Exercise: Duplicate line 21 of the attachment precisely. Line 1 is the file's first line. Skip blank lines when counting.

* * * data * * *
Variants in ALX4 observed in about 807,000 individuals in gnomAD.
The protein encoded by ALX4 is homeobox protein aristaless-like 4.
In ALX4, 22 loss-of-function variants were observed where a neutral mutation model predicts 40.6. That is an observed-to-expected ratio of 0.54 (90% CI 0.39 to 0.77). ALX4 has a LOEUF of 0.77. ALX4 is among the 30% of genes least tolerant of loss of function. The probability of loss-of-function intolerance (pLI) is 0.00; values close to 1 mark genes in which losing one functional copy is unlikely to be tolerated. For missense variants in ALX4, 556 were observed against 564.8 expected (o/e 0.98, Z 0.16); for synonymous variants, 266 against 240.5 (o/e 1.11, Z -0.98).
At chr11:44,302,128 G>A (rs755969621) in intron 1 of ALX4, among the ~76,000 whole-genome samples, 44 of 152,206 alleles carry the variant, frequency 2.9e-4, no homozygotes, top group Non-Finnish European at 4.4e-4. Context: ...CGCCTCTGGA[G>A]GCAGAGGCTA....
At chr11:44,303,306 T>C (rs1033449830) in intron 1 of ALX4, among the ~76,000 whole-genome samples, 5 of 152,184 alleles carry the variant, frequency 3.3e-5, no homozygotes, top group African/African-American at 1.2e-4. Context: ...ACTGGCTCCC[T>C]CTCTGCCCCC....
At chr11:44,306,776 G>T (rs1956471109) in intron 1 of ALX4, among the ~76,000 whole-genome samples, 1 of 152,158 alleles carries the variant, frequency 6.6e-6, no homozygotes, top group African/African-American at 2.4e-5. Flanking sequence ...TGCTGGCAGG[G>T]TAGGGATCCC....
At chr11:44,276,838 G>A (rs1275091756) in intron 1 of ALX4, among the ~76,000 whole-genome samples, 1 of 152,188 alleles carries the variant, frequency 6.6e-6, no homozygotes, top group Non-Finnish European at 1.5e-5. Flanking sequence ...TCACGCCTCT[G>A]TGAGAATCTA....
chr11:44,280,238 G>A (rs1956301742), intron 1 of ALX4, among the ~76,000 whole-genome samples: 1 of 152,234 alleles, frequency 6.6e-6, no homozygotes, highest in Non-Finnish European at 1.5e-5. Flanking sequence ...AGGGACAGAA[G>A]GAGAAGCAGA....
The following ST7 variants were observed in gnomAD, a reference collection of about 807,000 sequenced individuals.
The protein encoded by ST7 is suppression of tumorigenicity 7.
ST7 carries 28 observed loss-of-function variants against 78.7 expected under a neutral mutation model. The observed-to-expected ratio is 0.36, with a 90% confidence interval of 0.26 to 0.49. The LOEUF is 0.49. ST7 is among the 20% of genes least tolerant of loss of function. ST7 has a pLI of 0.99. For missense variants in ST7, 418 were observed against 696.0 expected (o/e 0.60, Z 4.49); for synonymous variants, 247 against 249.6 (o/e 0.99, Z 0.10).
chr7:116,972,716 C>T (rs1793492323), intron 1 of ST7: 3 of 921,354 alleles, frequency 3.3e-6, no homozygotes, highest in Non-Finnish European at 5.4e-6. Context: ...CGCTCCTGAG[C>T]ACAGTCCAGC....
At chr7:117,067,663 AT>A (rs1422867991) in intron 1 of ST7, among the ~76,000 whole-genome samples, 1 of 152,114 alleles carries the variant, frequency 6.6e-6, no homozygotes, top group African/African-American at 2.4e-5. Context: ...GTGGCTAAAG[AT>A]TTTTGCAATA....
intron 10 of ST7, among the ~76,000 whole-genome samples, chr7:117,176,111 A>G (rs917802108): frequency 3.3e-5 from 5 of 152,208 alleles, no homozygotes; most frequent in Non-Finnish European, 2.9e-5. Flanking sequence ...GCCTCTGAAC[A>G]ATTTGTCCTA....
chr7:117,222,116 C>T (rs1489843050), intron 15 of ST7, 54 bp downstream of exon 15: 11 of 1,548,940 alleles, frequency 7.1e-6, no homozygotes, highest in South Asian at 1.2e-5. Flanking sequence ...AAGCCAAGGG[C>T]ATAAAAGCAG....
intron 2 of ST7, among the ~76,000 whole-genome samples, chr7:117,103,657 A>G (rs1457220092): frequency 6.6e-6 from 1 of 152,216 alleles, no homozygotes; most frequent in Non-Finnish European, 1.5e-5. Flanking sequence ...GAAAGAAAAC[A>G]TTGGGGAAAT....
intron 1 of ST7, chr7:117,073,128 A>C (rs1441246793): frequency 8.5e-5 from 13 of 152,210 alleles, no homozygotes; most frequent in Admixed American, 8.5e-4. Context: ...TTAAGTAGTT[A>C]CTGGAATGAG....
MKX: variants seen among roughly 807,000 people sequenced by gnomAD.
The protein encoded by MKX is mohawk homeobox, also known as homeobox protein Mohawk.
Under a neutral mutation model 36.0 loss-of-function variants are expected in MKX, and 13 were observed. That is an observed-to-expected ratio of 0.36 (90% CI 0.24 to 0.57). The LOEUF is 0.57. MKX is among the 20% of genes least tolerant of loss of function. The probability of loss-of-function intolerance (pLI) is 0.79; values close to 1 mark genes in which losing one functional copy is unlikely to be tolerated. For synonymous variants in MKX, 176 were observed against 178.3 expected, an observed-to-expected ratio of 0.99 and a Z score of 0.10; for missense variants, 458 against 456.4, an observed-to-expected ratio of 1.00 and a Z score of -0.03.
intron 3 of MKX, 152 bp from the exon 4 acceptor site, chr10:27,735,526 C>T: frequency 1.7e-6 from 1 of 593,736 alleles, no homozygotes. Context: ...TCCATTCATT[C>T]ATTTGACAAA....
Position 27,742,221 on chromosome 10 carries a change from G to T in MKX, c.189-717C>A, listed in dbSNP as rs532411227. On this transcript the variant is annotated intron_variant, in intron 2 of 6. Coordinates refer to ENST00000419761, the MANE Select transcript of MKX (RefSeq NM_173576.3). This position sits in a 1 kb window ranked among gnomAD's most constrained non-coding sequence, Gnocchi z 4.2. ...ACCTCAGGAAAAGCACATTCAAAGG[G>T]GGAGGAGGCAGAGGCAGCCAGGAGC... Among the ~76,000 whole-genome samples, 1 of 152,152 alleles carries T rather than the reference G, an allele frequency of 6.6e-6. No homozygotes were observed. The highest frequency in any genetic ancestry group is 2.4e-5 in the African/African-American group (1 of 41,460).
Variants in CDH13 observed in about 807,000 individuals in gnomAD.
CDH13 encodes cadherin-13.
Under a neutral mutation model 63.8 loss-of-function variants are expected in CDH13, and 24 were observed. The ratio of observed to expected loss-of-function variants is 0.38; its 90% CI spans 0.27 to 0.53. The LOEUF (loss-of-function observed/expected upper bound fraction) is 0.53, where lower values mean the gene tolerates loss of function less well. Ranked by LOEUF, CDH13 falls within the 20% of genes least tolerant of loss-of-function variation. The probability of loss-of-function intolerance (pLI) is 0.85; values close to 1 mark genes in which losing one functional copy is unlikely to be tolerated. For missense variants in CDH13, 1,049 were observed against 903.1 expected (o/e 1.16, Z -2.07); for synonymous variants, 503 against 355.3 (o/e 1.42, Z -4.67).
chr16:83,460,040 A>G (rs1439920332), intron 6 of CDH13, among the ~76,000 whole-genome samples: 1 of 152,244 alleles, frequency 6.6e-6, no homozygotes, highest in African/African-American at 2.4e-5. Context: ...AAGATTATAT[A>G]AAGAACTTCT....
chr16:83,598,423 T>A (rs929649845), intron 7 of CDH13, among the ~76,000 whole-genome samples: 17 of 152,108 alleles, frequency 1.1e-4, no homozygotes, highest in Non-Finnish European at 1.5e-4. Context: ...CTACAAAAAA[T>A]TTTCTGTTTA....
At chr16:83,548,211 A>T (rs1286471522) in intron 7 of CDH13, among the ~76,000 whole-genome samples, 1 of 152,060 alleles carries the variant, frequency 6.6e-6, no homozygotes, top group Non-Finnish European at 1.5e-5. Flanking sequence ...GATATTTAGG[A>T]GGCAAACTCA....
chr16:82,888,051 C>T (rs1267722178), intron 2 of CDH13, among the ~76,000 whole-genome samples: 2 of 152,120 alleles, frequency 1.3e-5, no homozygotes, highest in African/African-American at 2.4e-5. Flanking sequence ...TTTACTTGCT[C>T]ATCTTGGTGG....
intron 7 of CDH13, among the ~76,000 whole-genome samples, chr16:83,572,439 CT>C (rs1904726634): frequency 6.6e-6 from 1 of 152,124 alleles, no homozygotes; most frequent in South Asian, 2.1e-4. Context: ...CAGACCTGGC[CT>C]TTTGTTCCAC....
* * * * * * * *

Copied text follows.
intron 3 of MKX, 152 bp from the exon 4 acceptor site, chr10:27,735,526 C>T: frequency 1.7e-6 from 1 of 593,736 alleles, no homozygotes. Context: ...TCCATTCATT[C>T]ATTTGACAAA....